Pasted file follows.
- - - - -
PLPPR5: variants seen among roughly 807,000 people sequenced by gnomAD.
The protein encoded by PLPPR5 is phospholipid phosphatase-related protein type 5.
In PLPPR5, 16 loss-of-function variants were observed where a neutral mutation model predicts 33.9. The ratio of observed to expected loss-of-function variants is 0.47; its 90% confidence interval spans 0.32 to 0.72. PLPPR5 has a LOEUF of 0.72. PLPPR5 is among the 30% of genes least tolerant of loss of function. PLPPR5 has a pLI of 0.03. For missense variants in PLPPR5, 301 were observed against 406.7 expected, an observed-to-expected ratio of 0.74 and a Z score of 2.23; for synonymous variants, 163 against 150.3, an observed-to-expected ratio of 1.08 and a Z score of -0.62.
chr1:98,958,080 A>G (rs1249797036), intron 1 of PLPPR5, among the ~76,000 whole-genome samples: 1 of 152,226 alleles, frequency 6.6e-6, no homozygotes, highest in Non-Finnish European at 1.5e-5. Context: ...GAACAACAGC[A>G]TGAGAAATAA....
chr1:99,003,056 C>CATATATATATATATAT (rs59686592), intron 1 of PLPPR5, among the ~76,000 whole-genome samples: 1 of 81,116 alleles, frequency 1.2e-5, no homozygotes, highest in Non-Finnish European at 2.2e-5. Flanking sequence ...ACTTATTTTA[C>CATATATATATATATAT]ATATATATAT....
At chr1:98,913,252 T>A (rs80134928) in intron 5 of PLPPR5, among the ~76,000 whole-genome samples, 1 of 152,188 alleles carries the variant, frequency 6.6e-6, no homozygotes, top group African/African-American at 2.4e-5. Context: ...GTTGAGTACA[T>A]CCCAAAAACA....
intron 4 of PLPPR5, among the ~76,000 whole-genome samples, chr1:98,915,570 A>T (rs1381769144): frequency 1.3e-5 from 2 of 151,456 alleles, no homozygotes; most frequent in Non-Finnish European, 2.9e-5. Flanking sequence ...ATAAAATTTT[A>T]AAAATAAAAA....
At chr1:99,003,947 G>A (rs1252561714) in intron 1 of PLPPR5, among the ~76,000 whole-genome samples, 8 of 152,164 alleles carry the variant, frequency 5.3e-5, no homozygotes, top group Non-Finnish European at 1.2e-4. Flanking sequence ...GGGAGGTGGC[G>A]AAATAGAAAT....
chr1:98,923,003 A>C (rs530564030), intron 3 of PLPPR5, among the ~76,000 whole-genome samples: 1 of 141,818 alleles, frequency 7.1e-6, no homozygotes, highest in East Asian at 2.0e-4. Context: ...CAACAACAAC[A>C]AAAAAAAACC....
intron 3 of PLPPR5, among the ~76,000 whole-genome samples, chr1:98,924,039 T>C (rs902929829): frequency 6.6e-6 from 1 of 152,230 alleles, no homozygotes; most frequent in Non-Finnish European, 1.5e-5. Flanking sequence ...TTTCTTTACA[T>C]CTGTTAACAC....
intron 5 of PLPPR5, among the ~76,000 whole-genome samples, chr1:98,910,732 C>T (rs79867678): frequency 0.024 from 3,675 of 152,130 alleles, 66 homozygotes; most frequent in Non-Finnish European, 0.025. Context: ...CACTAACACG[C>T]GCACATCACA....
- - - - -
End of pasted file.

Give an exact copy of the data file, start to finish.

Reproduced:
PLPPR5: variants seen among roughly 807,000 people sequenced by gnomAD.
The protein encoded by PLPPR5 is phospholipid phosphatase-related protein type 5.
In PLPPR5, 16 loss-of-function variants were observed where a neutral mutation model predicts 33.9. The ratio of observed to expected loss-of-function variants is 0.47; its 90% confidence interval spans 0.32 to 0.72. PLPPR5 has a LOEUF of 0.72. PLPPR5 is among the 30% of genes least tolerant of loss of function. PLPPR5 has a pLI of 0.03. For missense variants in PLPPR5, 301 were observed against 406.7 expected, an observed-to-expected ratio of 0.74 and a Z score of 2.23; for synonymous variants, 163 against 150.3, an observed-to-expected ratio of 1.08 and a Z score of -0.62.
chr1:98,958,080 A>G (rs1249797036), intron 1 of PLPPR5, among the ~76,000 whole-genome samples: 1 of 152,226 alleles, frequency 6.6e-6, no homozygotes, highest in Non-Finnish European at 1.5e-5. Context: ...GAACAACAGC[A>G]TGAGAAATAA....
chr1:99,003,056 C>CATATATATATATATAT (rs59686592), intron 1 of PLPPR5, among the ~76,000 whole-genome samples: 1 of 81,116 alleles, frequency 1.2e-5, no homozygotes, highest in Non-Finnish European at 2.2e-5. Flanking sequence ...ACTTATTTTA[C>CATATATATATATATAT]ATATATATAT....
At chr1:98,913,252 T>A (rs80134928) in intron 5 of PLPPR5, among the ~76,000 whole-genome samples, 1 of 152,188 alleles carries the variant, frequency 6.6e-6, no homozygotes, top group African/African-American at 2.4e-5. Context: ...GTTGAGTACA[T>A]CCCAAAAACA....
intron 4 of PLPPR5, among the ~76,000 whole-genome samples, chr1:98,915,570 A>T (rs1381769144): frequency 1.3e-5 from 2 of 151,456 alleles, no homozygotes; most frequent in Non-Finnish European, 2.9e-5. Flanking sequence ...ATAAAATTTT[A>T]AAAATAAAAA....
At chr1:99,003,947 G>A (rs1252561714) in intron 1 of PLPPR5, among the ~76,000 whole-genome samples, 8 of 152,164 alleles carry the variant, frequency 5.3e-5, no homozygotes, top group Non-Finnish European at 1.2e-4. Flanking sequence ...GGGAGGTGGC[G>A]AAATAGAAAT....
chr1:98,923,003 A>C (rs530564030), intron 3 of PLPPR5, among the ~76,000 whole-genome samples: 1 of 141,818 alleles, frequency 7.1e-6, no homozygotes, highest in East Asian at 2.0e-4. Context: ...CAACAACAAC[A>C]AAAAAAAACC....
intron 3 of PLPPR5, among the ~76,000 whole-genome samples, chr1:98,924,039 T>C (rs902929829): frequency 6.6e-6 from 1 of 152,230 alleles, no homozygotes; most frequent in Non-Finnish European, 1.5e-5. Flanking sequence ...TTTCTTTACA[T>C]CTGTTAACAC....
intron 5 of PLPPR5, among the ~76,000 whole-genome samples, chr1:98,910,732 C>T (rs79867678): frequency 0.024 from 3,675 of 152,130 alleles, 66 homozygotes; most frequent in Non-Finnish European, 0.025. Context: ...CACTAACACG[C>T]GCACATCACA....